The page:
The sealing of the Spirit (:13-14). The Spirit enters the life of the believer to demonstrate ownership by God. The picture is of a seal that functions like a signature. His seal, His ownership. We are His.
Notice what has happened here. The Father’s choice took place before the world began. The Son’s work took place in time, but before our birth. The Spirit’s sealing took place at the time we trusted in Jesus, … when you heard the word of truth and believed … . The Spirit assures us that we are “in Christ,” until Jesus comes for us.
Ephesians 1.3-14—really three messages in one, it seems to me—doesn’t strike me as a particularly difficult passage. But, there are things here that I find particularly difficult.
In my student days my group of friends knew a family who owned a lake house, and we’d sometimes retire to the country for a restful afternoon. Dr. Deibler, long-time professor of church history at Dallas Seminary, lived in the community. Long since with the Lord now, he must have been in his eighties then. One afternoon, we were lounging in the front room with Dr. Deibler in his recliner who was holding court. This all delighted him, so I threw him a question I knew he would enjoy.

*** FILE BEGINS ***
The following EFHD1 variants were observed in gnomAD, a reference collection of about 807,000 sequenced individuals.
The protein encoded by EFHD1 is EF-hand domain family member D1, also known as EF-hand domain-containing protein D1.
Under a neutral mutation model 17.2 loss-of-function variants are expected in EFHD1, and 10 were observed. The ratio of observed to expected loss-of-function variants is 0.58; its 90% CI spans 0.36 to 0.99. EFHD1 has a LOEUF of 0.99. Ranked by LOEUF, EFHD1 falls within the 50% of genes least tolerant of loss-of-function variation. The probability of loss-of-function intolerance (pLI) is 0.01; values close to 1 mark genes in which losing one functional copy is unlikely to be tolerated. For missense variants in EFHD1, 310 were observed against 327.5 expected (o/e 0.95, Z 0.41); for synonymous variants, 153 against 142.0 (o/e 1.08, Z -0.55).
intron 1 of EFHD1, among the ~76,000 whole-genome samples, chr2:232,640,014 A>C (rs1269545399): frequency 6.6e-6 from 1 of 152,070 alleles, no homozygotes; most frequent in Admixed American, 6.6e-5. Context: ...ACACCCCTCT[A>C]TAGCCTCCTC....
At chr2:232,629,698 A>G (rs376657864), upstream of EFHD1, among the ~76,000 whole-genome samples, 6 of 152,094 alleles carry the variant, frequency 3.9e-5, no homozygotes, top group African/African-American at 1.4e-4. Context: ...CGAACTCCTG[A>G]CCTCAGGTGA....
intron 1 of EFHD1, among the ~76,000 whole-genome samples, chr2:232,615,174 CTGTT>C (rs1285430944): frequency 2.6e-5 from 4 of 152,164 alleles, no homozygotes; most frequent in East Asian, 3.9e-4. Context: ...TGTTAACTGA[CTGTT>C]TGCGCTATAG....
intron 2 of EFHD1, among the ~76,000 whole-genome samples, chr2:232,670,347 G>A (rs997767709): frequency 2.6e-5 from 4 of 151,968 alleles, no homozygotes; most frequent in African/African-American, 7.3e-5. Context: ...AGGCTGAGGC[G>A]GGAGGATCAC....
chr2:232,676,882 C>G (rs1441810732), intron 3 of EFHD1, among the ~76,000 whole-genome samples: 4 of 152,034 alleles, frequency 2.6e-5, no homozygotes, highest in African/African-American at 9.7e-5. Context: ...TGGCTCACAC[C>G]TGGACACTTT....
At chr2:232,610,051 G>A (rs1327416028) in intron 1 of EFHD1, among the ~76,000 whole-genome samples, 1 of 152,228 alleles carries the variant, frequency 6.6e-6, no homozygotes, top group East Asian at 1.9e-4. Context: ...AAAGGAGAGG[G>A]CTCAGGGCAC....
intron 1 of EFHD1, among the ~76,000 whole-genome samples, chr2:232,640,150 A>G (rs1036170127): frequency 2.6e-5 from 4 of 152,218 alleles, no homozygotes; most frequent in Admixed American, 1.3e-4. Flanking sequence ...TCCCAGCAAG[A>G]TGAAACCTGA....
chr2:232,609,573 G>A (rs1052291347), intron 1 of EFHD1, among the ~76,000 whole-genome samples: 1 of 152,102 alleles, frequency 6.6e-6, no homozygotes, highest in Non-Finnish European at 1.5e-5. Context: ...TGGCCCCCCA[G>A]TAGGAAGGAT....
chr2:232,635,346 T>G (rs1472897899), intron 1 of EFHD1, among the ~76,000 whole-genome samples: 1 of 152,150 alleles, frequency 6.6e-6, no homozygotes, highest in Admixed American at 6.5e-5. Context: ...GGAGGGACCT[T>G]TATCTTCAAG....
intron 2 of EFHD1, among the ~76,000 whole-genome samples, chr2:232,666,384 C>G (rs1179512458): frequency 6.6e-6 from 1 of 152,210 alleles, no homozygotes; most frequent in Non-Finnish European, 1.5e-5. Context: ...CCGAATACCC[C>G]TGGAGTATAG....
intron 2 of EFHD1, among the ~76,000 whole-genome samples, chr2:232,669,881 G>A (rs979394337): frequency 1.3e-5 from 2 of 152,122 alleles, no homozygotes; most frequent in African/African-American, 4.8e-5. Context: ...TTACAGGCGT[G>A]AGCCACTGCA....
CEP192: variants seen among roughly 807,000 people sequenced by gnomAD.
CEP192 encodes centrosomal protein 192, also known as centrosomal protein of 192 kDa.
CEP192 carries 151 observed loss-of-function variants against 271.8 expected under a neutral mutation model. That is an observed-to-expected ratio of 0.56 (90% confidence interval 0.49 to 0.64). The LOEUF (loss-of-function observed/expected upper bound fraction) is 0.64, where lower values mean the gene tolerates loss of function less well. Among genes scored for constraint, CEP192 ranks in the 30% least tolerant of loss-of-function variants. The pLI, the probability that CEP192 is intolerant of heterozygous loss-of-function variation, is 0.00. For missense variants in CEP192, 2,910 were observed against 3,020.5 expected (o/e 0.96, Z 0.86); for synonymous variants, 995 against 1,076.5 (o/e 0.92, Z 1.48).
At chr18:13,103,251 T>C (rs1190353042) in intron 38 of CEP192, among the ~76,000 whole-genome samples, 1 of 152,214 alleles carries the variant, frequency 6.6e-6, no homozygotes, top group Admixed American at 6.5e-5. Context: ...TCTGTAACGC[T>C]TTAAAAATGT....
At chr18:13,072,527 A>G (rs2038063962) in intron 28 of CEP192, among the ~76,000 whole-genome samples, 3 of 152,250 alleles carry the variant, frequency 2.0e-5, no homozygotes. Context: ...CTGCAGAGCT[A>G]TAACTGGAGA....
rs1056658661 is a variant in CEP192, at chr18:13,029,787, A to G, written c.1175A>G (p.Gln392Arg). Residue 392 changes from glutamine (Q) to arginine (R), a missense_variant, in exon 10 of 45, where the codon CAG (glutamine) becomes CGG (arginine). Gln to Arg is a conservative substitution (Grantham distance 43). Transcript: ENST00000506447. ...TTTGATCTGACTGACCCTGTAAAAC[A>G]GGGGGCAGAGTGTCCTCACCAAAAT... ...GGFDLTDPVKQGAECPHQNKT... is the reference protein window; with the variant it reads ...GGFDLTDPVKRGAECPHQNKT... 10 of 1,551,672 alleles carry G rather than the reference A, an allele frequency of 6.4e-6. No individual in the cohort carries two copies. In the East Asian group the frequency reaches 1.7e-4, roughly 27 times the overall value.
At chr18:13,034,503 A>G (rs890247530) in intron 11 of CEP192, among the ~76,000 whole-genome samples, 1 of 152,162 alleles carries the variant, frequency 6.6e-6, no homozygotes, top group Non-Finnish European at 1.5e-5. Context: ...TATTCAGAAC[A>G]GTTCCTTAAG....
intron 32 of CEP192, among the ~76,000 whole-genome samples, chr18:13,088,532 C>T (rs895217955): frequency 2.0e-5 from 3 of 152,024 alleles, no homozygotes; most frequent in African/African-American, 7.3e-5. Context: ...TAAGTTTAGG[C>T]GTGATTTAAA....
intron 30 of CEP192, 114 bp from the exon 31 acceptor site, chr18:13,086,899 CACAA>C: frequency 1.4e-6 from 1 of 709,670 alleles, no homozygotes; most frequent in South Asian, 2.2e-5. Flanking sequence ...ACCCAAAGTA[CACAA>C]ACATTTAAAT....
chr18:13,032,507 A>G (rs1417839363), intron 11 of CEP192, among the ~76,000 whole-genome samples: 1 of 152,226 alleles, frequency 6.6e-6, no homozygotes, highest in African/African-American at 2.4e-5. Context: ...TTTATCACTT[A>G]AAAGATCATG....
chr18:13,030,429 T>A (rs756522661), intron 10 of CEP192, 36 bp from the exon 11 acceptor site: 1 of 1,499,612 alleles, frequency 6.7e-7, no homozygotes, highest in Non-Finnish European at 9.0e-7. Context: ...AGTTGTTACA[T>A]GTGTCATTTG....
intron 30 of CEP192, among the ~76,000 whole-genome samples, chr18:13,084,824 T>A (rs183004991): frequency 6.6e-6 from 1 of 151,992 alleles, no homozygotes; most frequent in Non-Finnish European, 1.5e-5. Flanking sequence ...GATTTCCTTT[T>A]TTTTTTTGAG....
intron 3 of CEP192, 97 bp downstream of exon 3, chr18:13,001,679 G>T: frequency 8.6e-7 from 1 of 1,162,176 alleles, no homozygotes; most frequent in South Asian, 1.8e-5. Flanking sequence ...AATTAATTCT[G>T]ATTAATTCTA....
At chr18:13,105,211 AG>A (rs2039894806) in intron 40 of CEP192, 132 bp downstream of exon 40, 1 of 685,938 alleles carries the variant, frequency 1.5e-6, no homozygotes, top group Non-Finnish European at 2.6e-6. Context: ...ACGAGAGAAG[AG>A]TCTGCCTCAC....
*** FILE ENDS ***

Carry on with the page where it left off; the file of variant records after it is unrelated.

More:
“Dr. Deibler,” I said. “How does it work: God’s sovereignty and man’s free will?” His answer stayed with me and satisfies my mind to this day.
After letting the question sink in for a minute, Dr. Deibler lifted himself (with some effort) from the recliner and moved slowly toward the bedroom door. Before entering, he lifted his hand to trace the words on the doorframe above: “Whosoever shall enter …” Then, he passed through the door, closing it behind him.
We were left, wondering if, like Elijah, he’d passed from this life. Finally, after this dramatic pause, Dr. Deibler appeared again, reentered the room, turned around to trace on the very same doorframe the words, ” … But, for the grace of God …”
The picture stands in my mind as the most satisfying explanation I’ve yet heard of my responsibility in God’s plan of redemption. When I trusted Christ it looked for all the world like I was making a free and independent choice to follow Christ. And so I was, according to my new nature. But, when I entered the room of the sphere of Christ and turned around to survey God’s plan of redemption, it became apparent that God knew me all along. He has been at work for my redemption since before the foundation of the world and through His coordinated work as Father, as Son and as Spirit.
The reason we should praise God for every spiritual blessing in Christ is the elective choice of the Father, the redemptive work of the Son, and the sealing of the Spirit … to the praise of His glory!
Here’s a few questions to help you process this amazing passage:
What about Eph 1.3-14 do you find most amazing, even mind-blowing?
How does it make you feel to know that God was about your redemption even before you were born?
Are there parts about God’s plan of redemption that you still struggle with? Why do you think this is so?
How does this passage help you feel secure “in Christ”?